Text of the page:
If eaten, symptoms include diarrhea, nausea, and abdominal pain that generally occur 5-12 hours after ingestion. As with death caps, the symptoms will typically go away and the victim might think they don’t need to see a doctor. However, a day or two later, the symptoms will return and get worse. By then, it will probably be too late because the person will likely suffer liver and kidney failure, and enter a hepatic coma that ends in death. If they survive, treatment is severe: a liver transplant.
Three mushrooms that are edible
Lion’s mane mushrooms (Hericium erinaceus), also known as the bearded tooth, hedgehog, or pom pom mushroom, can be found growing on hardwood trees in late summer and fall. Beech trees are frequent hosts.
Its distinctive shape, which resembles the mane of a male lion or a pom-pom, is unlike any other mushroom. Another identifying characteristic is that it tends to grow its spines from one group rather than from branches. It can also grow very high in the trees, as much as 40 feet up the trunk. Its taste is also unique and often compared to seafood.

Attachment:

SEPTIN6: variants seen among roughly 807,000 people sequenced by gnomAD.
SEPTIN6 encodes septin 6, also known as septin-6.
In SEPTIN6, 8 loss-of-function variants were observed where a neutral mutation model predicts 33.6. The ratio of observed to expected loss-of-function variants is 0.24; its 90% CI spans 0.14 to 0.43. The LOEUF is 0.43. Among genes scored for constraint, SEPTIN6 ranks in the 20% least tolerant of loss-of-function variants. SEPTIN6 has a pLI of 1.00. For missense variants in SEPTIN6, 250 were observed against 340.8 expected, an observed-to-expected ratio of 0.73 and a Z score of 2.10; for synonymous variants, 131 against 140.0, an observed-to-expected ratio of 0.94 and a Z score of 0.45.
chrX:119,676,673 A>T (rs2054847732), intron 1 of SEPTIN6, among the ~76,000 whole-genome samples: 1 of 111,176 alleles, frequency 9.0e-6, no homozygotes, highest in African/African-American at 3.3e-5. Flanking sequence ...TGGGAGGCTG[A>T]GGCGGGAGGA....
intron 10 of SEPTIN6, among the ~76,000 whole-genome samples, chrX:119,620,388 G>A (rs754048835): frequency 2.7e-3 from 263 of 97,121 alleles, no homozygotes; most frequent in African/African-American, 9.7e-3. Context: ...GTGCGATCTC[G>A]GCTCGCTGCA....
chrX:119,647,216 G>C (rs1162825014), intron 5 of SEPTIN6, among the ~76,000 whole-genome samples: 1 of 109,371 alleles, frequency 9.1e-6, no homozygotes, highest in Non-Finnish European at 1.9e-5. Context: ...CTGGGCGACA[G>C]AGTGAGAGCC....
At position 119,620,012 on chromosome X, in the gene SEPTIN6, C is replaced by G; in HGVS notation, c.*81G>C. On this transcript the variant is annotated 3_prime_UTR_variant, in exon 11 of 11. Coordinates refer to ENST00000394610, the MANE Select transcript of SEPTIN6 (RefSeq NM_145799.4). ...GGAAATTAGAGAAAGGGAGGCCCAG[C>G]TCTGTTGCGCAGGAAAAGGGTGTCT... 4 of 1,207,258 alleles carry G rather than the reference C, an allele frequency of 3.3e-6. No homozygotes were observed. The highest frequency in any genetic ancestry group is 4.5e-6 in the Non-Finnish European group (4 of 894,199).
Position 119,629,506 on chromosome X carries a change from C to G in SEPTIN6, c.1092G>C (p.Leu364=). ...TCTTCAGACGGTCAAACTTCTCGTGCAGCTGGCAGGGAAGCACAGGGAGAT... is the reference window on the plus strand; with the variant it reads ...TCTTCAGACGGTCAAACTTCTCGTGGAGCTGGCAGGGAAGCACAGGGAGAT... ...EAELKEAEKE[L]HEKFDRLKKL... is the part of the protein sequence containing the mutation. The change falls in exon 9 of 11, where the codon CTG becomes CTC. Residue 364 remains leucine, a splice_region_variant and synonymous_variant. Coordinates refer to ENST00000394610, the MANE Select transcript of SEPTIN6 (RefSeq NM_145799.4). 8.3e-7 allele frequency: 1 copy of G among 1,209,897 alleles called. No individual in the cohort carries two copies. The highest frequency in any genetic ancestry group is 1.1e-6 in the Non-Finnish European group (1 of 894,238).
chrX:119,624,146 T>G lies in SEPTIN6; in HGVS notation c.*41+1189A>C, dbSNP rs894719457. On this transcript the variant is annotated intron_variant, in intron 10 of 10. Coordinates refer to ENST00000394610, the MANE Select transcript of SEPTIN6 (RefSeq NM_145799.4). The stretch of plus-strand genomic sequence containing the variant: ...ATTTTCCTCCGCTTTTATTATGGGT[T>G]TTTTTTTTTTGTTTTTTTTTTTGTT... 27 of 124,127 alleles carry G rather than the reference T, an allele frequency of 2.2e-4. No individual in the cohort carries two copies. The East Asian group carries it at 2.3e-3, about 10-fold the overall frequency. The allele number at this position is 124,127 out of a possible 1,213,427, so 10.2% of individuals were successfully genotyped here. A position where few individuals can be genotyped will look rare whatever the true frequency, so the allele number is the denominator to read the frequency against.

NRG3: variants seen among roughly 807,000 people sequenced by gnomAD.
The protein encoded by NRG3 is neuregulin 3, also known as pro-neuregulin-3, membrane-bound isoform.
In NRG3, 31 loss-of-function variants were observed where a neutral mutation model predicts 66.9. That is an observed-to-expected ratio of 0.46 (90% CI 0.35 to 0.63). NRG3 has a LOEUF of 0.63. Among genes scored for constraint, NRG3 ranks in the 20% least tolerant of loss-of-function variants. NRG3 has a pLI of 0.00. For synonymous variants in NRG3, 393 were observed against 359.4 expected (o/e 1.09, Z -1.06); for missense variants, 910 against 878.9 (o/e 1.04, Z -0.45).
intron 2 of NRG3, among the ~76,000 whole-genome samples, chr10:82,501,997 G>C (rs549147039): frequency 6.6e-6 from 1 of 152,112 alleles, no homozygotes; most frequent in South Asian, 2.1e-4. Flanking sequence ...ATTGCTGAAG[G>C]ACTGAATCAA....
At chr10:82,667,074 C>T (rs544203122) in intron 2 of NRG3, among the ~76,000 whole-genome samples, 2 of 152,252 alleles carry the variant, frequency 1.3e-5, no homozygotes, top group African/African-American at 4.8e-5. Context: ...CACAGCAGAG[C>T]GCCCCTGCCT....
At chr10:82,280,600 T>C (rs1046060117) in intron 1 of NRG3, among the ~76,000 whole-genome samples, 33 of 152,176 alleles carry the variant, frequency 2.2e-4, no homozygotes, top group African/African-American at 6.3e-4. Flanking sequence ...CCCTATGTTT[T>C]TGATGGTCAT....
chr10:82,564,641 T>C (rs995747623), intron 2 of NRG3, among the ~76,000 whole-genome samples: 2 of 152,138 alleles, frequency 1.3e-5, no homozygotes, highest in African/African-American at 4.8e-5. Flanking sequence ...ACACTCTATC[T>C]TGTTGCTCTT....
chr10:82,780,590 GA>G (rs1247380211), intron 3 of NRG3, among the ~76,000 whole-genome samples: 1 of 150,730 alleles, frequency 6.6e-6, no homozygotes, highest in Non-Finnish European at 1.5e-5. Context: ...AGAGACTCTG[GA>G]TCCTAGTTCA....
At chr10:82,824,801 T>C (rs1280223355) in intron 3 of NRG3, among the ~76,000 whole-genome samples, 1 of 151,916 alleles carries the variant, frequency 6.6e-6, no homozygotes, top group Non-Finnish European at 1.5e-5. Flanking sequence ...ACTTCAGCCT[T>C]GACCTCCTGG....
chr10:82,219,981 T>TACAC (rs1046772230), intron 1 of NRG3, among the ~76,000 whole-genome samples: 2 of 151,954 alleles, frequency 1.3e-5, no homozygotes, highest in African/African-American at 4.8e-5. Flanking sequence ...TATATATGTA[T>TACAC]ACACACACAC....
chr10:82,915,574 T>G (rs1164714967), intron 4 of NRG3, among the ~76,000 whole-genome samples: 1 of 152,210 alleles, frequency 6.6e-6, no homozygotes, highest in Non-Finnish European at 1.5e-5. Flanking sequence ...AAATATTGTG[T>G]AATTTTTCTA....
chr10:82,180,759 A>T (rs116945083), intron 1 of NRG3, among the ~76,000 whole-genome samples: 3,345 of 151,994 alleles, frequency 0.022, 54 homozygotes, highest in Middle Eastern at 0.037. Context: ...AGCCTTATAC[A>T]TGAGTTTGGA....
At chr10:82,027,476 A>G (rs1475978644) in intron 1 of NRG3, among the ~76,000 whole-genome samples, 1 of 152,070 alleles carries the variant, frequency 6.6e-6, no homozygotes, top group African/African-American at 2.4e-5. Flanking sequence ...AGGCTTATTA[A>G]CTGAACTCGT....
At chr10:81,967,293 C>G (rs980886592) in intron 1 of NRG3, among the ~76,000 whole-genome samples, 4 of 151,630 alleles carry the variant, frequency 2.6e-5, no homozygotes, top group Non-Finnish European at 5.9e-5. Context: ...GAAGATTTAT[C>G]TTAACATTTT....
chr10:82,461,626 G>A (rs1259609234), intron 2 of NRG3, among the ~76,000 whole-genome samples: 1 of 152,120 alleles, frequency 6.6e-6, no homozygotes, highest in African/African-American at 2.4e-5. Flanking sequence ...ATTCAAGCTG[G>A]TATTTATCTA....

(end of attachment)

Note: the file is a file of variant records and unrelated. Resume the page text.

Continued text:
Maitake mushrooms (Grifola frondosa), also known as hen of the woods, ram’s or sheep’s head, maitake mushrooms grow at the base of hardwood trees such as oaks. They have small, overlapping tongue or fan-shaped caps.
It is prolific in the Northeast, but has been found as far west as Idaho and British Columbia. Because they can grow quite large and become too tough to eat, they should be harvested when they are young. Older specimens can be dried, powdered, and used for soups, sauces, or as a unique breading adjunct.
Oyster mushrooms (Pleurotus ostreatus) belong to a genus of some of the most commonly eaten mushrooms. They can be found in every season of the year, but are most prolific in cooler weather.
Look for their scalloped caps on dying hardwood trees such as oaks, maples, and dogwoods, especially after the first rains of the fall. The caps are a whitish-gray, sometimes tan. Cultivated varieties found in grocery stores may have blue, yellow, or pink caps.
Written by David Clapp.